Banks with net dollar assets were beneficiaries; GTBank, Nigeria’s most profitable bank – and its biggest by market capitalization – made N80 billion in 2016 from the devaluation, says its chief executive Segun Agbaje, or roughly $260 million at the post-devaluation rate.
FBN Holdings, the second-largest bank by assets, also recorded a N80 billion revaluation gain that year.
Zenith Bank, Nigeria’s biggest by assets, reported that derivatives income increased almost 250% to N68.7 billion last year – that’s equivalent to $225 million at the 305 rate,
Regulation Will Not Change the Trajectory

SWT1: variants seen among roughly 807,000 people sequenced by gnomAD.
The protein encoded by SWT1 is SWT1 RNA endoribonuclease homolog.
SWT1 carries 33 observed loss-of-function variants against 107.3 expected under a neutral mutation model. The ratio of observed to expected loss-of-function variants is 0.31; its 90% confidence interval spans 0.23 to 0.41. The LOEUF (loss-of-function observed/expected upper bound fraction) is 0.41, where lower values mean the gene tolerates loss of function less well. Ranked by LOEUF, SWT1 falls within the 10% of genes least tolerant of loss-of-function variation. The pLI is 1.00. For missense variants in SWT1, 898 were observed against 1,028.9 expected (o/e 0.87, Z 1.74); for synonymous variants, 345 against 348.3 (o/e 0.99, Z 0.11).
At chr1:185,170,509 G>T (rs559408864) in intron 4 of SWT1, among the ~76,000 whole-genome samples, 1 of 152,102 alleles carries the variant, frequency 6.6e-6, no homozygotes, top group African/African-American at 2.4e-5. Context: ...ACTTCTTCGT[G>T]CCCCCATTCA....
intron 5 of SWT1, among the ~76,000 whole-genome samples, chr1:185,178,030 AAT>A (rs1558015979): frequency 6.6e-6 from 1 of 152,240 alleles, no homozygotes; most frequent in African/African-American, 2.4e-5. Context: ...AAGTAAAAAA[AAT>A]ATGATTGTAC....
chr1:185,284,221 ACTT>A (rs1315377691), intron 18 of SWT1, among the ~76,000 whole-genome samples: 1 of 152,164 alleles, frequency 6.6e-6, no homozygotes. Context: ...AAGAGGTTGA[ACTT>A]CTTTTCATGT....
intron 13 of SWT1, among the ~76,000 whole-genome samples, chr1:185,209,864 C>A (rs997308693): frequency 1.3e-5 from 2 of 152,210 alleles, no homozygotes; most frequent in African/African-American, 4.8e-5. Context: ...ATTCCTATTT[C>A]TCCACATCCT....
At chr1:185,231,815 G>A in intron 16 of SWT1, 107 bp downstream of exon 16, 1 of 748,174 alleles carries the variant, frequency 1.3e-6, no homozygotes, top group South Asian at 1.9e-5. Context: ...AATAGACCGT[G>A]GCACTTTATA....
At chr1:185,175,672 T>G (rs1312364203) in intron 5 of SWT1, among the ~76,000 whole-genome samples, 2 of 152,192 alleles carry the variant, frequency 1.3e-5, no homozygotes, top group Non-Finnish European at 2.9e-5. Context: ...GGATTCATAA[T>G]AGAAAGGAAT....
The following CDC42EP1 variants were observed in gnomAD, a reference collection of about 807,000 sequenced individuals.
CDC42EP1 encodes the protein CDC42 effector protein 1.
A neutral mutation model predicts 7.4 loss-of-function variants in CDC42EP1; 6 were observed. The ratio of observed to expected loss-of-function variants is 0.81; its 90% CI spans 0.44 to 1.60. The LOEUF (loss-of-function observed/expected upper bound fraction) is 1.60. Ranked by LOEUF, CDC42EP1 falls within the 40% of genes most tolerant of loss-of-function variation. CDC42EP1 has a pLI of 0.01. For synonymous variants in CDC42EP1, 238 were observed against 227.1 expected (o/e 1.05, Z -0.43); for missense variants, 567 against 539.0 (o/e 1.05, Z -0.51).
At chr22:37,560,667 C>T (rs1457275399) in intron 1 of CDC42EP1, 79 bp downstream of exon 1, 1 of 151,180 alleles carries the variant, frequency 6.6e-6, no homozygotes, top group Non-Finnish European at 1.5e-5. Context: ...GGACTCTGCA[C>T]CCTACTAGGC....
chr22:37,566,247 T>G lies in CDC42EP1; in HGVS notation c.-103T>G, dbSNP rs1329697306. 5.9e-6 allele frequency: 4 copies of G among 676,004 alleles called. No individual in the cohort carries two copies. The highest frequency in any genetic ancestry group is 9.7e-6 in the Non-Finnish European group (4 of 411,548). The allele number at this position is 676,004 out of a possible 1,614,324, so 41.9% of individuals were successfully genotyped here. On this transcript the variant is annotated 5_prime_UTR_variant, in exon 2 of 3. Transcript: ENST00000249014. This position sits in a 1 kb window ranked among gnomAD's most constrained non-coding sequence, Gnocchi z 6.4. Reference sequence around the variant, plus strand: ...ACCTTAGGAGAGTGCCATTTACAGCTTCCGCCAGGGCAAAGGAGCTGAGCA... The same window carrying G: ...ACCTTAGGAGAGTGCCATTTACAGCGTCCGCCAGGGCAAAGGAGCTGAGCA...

As our banks transmute into technology companies, regulating them would be more challenging. As I have noted, using Facebook, explaining that if you decide to break “Facebook apart, one part will grow and dominate others. This is possible because of the positive continuum of network effect where the biggest keeps getting bigger and also better. … You can regulate Facebook but another company will come to take over its position because in this sector, it is winner-takes-all. Yes, the best wins. Why? The scalable advantage improves with lower marginal cost”. Simply, there is an inherent nature that one company in a platform ecosystem will triumph at the end. Yes, few banks will win and many will go under in the retail banking sector.